Well, dear readers, the Nick Redman memorial was very emotional and beautiful. His ever-lovin’ Julie Kirgo put it together with love and thoughtfulness. She chose just a few speakers, a few moments musical, and a fine host in Jon Burlingame. And she was helped by Jon’s wife, the wonderful Marilee Bradford. The memorial took place in the commissary on the Twentieth Century Fox lot, and it was jammed with about 150 people. It was heartfelt, funny, joyous and wasn’t too long. As most here know, Nick was one of my very best and closest friends for over thirty years. And many other closer friends were there, too, and people he’s worked with over the years. I’d been asked to sing Hushabye Mountain, which was the favorite song between Nick and his smart, beautiful Darling Daughter, Rebecca. The song was her request, and Julie asked me to do it. I knew I was walking a tightrope with it, because a) it’s one of the Sherman Brothers’ most beautiful melodies and lyrics, and b) because it’s hard singing something that’s emotional and to be in control of not only one’s emotions, but one’s singing. And that was made doubly difficult because Rebecca and her mom, Nectar (Nick’s first wife, who was my assistant back in 1989 when I was doing Totally Hidden Video and who brought Nick along to meet me in our editing bay) were sitting about five-feet away directly in front of me, and the minute I began singing I could see Rebecca crying – I had to avoid glancing in her direction because had I, I would have completely lost it. So, I either kept my eye on the lyric sheet or towards the back of the crowd. I got through it okay, and Tom Griep on piano was very supportive. The other musical performances were lovely, too, including the legendary Mike Lang playing a beautiful rendition of Laura.
I’d arrived at five-thirty and done a quick sound check, then just hung out, talking to Julie and Jon and Marilee. People began arriving around six-fifteen. Of course, I knew many attendees, so it was nice to chat and reminisce about Nick. The only time I completely lost it was after the show when Julie hugged me and said, “He loved you so much.” And I him. We had so many fun adventures together from the Bay Cities days on. And I like to think that wherever he is he was looking down, watching happily to know how loved and important to all of us he was. And if you’ve read GEE, you know I feel strongly that we all come back again, and I believe he’ll be back in one form or another. That was his favorite aspect of GEE, the thought that we die and come back and get a second go. It was a beautiful and not too long evening. I hung out for a bit, but I don’t do well at these kinds of things, so after about twenty minutes I was on my way to my motor car. Here is a photograph of me at the mic singing.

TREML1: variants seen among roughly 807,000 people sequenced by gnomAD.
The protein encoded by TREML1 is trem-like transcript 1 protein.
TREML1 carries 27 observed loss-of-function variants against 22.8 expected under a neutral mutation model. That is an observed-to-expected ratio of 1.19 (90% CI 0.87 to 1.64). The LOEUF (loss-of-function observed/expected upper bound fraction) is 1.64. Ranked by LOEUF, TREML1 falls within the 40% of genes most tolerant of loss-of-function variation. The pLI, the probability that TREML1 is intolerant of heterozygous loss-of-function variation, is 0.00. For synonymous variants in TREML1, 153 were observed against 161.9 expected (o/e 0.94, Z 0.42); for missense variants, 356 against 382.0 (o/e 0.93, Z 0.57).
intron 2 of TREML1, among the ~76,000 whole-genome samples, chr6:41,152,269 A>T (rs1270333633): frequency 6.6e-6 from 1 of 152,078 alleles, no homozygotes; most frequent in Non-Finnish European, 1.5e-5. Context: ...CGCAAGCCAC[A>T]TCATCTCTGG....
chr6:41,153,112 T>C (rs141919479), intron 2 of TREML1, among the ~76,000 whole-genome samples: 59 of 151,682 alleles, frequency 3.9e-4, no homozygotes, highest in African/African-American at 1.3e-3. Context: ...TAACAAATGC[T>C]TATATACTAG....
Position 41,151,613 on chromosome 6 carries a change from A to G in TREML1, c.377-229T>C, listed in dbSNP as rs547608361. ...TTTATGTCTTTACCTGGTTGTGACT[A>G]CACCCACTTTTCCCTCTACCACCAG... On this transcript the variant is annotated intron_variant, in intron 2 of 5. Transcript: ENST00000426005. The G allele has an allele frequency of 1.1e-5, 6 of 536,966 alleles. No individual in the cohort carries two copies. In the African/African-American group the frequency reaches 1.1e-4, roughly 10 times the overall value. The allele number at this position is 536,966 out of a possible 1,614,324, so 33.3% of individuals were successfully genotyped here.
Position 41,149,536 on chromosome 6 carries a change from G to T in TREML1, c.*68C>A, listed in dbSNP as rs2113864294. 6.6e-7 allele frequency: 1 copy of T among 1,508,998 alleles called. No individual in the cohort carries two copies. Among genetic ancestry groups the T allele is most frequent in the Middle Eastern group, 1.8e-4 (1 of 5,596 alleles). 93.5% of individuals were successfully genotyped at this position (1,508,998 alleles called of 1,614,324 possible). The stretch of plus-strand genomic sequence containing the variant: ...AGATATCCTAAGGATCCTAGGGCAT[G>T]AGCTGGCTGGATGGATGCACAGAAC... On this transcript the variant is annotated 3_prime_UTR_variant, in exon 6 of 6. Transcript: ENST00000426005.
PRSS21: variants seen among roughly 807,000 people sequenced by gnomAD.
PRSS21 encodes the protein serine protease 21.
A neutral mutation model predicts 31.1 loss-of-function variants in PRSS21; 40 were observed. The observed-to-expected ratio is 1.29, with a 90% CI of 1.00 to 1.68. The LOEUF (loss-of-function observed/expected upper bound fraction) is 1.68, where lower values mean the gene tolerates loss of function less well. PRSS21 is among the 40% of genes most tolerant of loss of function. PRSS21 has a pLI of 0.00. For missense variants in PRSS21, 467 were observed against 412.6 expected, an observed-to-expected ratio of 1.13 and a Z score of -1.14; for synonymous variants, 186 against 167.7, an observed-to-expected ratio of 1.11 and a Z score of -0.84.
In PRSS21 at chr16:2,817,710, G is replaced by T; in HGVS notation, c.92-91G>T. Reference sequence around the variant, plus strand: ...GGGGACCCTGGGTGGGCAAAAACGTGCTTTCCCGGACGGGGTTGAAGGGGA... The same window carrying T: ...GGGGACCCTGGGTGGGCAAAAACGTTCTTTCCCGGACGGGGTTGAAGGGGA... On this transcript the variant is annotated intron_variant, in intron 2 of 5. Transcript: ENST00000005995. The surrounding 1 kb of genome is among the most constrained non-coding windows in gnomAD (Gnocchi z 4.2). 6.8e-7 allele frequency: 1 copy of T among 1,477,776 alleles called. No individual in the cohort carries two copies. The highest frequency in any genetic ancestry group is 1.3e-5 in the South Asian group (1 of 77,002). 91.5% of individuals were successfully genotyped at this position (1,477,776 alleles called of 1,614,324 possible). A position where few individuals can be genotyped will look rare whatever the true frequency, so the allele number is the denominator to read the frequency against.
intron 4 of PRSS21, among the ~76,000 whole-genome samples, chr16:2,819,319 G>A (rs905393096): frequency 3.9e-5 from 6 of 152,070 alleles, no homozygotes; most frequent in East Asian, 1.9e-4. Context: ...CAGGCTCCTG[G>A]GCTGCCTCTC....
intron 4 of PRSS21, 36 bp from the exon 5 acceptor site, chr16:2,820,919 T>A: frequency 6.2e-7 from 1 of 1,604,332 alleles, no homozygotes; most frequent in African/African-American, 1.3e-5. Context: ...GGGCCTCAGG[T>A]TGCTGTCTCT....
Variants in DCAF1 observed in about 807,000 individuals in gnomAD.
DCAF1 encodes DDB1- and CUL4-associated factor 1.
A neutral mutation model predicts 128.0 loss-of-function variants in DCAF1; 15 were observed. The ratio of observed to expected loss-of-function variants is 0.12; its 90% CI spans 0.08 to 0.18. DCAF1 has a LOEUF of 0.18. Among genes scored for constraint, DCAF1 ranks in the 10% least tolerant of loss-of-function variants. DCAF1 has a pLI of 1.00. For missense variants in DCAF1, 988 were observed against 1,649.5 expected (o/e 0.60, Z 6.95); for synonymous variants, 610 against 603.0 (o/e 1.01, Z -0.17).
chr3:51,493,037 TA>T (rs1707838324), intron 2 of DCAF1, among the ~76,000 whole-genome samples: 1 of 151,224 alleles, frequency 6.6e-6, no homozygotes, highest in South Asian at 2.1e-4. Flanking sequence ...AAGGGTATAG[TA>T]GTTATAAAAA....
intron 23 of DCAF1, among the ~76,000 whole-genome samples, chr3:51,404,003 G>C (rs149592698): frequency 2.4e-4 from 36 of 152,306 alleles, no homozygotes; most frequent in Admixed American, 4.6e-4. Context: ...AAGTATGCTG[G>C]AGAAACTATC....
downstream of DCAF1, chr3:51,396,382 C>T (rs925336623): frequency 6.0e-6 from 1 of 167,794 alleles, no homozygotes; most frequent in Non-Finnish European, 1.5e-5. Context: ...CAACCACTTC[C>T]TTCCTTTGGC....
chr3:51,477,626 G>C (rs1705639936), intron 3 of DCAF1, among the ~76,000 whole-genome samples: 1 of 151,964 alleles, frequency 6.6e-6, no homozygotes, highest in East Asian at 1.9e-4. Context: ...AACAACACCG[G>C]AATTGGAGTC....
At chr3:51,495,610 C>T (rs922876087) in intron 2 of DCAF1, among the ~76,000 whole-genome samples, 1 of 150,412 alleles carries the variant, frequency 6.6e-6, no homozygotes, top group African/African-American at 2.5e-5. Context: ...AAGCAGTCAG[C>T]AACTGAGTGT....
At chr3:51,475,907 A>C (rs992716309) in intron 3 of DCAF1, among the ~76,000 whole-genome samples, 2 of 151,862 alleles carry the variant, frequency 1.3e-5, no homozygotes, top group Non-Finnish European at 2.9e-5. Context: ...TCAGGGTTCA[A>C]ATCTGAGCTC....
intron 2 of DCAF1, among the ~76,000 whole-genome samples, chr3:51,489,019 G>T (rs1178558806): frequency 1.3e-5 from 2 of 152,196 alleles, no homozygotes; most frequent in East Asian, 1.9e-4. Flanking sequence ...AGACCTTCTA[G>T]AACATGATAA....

And here’s one of me, film historian and wag David Del Valle, and Miss Diane Baker, who adored Nick.
She came right up to me and told me she loves getting the Kritzerland e-mail announcements and we reminisced about the few signing shows we did at the same time, and how neither of us really wants to ever do them again. I’m going to try and get her to a Kritzerland show.
Prior to that, I’d gotten about seven hours of sleep, got ready, and then we had a run-through of the revue, which really went well – pace was excellent and I only had a couple of little notes, mostly to do with sharpening up the staging. Then I answered a few e-mails, then moseyed on over the hill at two-thirty, and thereby avoiding all traffic. I got over Beverly Glen very quickly and down to Pico Blvd. very quickly. I went to Factor’s Deli, arriving at three. I had a chicken salad sandwich and potato salad. I took my time, relaxed, and managed to kill two hours quite easily. Then I drove to the Fox lot, parked, and went in for sound check at five-thirty. The rest you know.
Once home, I had some soup and a donut I’d picked up at K’s Donuts on the way home.
Today, I can sleep in, relax, hopefully pick up some packages, and then it’s sound check, eating, and playing our revue.
Tomorrow I think can be a ME day. Friday, I’m doing an interview for a little documentary about Kay Cole, and funnily I may also see Kay for a belated birthday dinner (hers). Not sure what’s up for the weekend, but I’ll definitely be doing some liner notes, choosing songs, and figuring out our final performer.
Well, dear readers, I must take the day, I must do the things I do, I must, for example, sleep in, relax, hopefully pick up packages, do a sound check, eat, and see our revue. Today’s topic of discussion: It’s Ask BK Day, the day in which you get to ask me or any dear reader any old question you like and we get to give any old answer we like. So, let’s have loads of lovely questions and loads of lovely answers and loads of lovely postings, shall we, whilst I hit the road to dreamland, happy that the Nick Redman memorial was so heartfelt and warm and filled with love.